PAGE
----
thorities in the federal court against
Campbell Gourtenay et al.. alleging
evasion of income tax.
There is little reason to hope
that conditions in Europe will be
settled until the debts are.
it be thy Country's, Thy God's and
ay, November 1, 1922
Terms of Treaty With
China Go Into Effect
Early in November
Tokio. Oct. 28.?Red flags are
flying everywhere in Vladivostok
A new government has been formed
by Chairman Nitzsechen of the
peoples' revolutionary party. The
Chita army is guarding the im
mense stores and arms the allies
left. The people met the vanguard
of the Far Eastern Republican red
army with showers of flowers and
waving red flags.
Tokio, Oct. 28.?Orders have
been sent to the Japanese garri
son at Tsing-Tao ' Shantung, to
evacuate that region by early No
vember, under the treaty with Chi
Lloyd George
Preaches Gospel of
Patriotism and Uni
ty3 For Good of
Glasgow. Oct. 28. ? Lloyd
George, addressing five thousand
people, declared, referring to the
breaking up of the. coalition party,
that the "world is in such trouble
that you cannot afford to indulge
in party bickerings until the nation
is on firm rock again."
Lloyd George attacked the man
ifesto issued by Bonar Law as of
fering no remedy for the labor sit
uation -He .declared jnenace_faces
the nation and now is' no time to
permit a new party to gain con
trol and try out governmental
changes. He urges , the same co
operation that won the late war.
New Experiment Station Bul
letin Shows Results of Tests
at Clemson College
Clemson College. Oct. 26.?Let
tuce growing on a commercial scale
is well established in Beaufort and
Charleston and, to' some extent,
Georgetown counties, the Big Bos
ton variety having been rather defi
nitely determined upon. But in the
Pielmont and other sections of the j
state the question of varieties has j
not been very well settled, and to
give results of experiments conduct
ed with this end in view, the South
Carolina Experiment Station has
published Station Bulletin 215.
"Lettuce Varieties." which con
tains information on 51 varieties
tested in 1920-21.
The soil in which these varieties
were planted is a clay loam, a type
which predominates in upper
South Carolina. An 8-4-4 fertiliz
er was applied at the rate of 1.500
pounds per acre. The plants were
set in the field cn March 12. and
four weeks later they were given a
top dressing of nitrate of soda at
the rate of 150 pounds per acre.
The usual cultural methods were
practiced throughout the growing
period of the plants, and all were
treated in exactly the same man
The following recommended va
rieties were selected after observ
ing their behavior under South
Carolina conditions. As far as can
be ascertained, these are the best
of the varieties tested at this sta
tion. The varieties of each typ??
are listed according to preference
Commercial Varieties
Cos?White Paris.
Butter-Head?Big Boston.
Crisp-Head?Improved Hanson'
Home awl Market Garden.
Cos?White Faris.
Butter-Head?Big Boston, Mig
nonette, The Deacon. Improved
Loose-Head ? Grand Rapids
Forcing. Early Curled Simpson.
Crisp-Head?Improved Hanson.
Growing in Frames.
Butter-Head?Big Boston. Cali
fornia Cream Butter. Mignonette.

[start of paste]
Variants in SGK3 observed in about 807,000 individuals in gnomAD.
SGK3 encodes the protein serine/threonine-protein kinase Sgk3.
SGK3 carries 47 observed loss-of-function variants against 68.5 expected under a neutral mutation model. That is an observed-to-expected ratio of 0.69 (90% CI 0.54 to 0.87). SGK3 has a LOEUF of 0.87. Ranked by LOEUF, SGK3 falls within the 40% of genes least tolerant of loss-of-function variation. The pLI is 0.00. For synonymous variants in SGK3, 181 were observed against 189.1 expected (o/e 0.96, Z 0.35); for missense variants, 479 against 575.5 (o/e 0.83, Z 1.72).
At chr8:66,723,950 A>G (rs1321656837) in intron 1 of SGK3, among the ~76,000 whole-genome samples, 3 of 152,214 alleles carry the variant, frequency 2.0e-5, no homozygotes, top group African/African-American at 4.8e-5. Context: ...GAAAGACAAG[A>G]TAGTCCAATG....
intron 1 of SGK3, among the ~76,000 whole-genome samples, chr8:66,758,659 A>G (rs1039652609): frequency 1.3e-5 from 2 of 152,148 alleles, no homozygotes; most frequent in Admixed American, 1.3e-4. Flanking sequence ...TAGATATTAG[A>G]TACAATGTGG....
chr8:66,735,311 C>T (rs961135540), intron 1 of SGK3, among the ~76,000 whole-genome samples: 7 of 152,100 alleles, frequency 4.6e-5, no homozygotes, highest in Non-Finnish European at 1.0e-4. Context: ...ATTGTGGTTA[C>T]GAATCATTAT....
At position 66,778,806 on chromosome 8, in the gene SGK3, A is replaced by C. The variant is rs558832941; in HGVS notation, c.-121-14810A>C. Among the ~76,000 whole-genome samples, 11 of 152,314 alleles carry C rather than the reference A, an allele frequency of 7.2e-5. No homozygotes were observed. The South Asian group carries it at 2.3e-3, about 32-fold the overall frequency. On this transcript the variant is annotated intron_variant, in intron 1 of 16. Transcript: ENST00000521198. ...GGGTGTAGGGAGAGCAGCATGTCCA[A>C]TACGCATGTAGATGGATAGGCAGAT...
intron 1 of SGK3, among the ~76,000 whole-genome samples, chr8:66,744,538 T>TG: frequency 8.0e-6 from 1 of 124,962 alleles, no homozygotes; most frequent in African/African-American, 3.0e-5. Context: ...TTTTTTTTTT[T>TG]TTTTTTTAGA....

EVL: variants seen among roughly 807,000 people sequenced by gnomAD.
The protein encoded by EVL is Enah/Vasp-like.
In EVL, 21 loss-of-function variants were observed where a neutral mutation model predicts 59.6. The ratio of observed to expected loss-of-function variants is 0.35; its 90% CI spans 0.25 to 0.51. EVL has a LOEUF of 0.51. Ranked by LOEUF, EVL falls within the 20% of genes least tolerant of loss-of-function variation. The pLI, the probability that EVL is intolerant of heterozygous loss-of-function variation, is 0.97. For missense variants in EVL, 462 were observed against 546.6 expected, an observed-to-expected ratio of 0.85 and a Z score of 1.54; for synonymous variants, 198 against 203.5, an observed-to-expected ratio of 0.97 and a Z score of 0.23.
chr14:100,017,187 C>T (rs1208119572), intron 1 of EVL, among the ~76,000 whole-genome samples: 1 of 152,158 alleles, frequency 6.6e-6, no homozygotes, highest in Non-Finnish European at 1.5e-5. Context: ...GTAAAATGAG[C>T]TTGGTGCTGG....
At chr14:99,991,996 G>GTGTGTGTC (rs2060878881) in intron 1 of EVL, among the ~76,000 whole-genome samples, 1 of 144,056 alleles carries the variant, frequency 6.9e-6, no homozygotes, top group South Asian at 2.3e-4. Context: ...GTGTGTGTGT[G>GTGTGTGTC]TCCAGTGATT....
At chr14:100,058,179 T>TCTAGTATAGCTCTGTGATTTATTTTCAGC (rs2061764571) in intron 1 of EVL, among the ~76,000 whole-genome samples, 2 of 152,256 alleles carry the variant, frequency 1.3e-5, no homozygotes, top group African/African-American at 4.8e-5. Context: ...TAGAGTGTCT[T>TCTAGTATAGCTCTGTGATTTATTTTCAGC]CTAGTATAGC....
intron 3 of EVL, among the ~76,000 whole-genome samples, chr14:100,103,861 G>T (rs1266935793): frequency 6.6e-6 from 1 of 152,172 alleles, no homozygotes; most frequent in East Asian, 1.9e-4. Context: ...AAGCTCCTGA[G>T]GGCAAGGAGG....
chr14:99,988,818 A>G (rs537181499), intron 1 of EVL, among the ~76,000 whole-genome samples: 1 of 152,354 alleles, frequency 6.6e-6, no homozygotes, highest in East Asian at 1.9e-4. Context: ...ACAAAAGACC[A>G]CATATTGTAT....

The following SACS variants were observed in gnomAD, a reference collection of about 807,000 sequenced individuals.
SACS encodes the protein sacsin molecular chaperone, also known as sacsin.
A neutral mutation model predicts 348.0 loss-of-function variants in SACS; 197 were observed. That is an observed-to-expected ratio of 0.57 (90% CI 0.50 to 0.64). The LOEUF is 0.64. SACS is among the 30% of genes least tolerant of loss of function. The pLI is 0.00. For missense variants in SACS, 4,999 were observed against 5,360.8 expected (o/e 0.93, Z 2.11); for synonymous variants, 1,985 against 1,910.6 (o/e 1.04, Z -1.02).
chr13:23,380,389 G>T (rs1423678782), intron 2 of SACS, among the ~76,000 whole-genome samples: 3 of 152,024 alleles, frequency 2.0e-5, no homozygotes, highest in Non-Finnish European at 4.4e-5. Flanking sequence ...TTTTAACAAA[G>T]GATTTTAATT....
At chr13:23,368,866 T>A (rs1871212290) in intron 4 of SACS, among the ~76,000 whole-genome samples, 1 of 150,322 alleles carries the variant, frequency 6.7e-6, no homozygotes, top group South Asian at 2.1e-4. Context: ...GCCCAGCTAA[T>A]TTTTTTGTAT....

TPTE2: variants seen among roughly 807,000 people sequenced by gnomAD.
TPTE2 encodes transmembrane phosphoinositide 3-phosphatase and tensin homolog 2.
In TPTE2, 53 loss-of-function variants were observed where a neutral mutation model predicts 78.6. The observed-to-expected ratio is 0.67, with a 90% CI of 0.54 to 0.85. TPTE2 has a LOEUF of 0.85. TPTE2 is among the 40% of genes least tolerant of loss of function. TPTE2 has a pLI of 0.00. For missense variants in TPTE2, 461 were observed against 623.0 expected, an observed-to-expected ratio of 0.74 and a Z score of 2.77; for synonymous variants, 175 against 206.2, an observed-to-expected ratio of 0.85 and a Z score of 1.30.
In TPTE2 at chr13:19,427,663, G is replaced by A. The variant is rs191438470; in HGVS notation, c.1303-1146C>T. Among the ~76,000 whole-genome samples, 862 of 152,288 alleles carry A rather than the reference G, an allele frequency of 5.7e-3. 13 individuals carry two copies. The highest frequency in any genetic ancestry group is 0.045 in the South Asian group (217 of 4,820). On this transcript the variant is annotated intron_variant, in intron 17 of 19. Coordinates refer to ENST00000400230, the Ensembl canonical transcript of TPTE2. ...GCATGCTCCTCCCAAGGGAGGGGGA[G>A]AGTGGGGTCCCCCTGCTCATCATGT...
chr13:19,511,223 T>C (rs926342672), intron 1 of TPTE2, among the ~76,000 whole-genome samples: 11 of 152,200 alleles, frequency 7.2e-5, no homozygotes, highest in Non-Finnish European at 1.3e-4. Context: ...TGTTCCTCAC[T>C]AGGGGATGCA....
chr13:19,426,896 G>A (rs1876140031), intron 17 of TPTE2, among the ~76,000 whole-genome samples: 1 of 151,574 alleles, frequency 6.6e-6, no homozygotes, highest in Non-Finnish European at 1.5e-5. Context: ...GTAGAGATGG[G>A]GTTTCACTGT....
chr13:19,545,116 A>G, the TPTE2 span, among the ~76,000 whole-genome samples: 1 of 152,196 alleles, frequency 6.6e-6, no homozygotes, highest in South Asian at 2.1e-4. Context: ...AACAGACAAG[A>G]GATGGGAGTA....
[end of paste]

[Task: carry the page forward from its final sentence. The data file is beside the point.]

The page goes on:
I/Oose-Head ? Grand Rapids
Gricp-Hea.d?Improved Hanson.
Philadelphia Police Have Mur
der Mystery to Solve
Philadelphia. Pa.. Oct. 30.?The
police authorities are seeking a
clue to the sender of the poisoned
cake that killed W. W. Sterrett, of
Devon, and resulted in the serious
illness of his wife. The indications
are that a woman sent the cake to
the two persons, the poison being
mixed in the icing.
Sheriff Conducts San
guinary Raid in the
Wilds at Foot of
Mount Mithell
Asheville, N. C, Oct. 29.?Two]
men are dead, two others are seri
ously wounded, and four men are
being sought on charges ranging
from simple assault to murder at
large in tne wilds along the upper
reaches of Big Rock creek, beyond I
Bakerville, Mitchell county, a sec-|
tion in the wilder part of the Blue I
Ridge mountains completely iso-1
lated from the outside world!
through lack of telephone, tele-j
graph or railroad connection, ac-1
cording to reports from that vil-!
l?ge received here tonight, as de
tailed by Sheriff Xllyde Pritchard to!
the Mitchell County Banner.
The killings, according to the re-,
port, came as / the climax of a
mountain feud, long smouldering,
which occurred when county offi- j
cers, headed by Sheriff Clyde j
Pritchard, attempted to invade the;
stronghold of one family in search
ior an alleged blockade still at;
the instigation and under the di-1
rection of a member of the rival;
Sheriff Pritchard with a deputy,!
Lewis Blevins, left Bakerville Fri-!
day morning to search ^the Big,
Rock Creek section for several
blockade stills. Arriving at the'
home of the Hughes, two brothers,!
Garfield and Arthur, told Sheriff!
Pritchard they could bring him'
three stills within an hour. Thei
sheriff agreed to wait. A few min- j
utes later he heard shots from the'
direction Deputy Blevins had been;
waiting. Hurrying to the scene he;
found Blevins dead, and the.'
Hughes, with Henry Troutman. in j
an automobile. Garfield Hughes.;
the sheriff said, surrendered his!
pistol and said he had kliled Blev
ins. /
As the sheriff was disarming the'
two other men Deputy Sheriff
Wheeler Melton, a relative of Blev
ins, with Will Byrd rode up.Arthur:
Hughes turned his gun on Melton \
and" shot .-him. -three.. times before.A
the sheriff could interfere. Pritch-J
ard said. Melton and Byrd fled.j
and Troutman escaped. The Hughes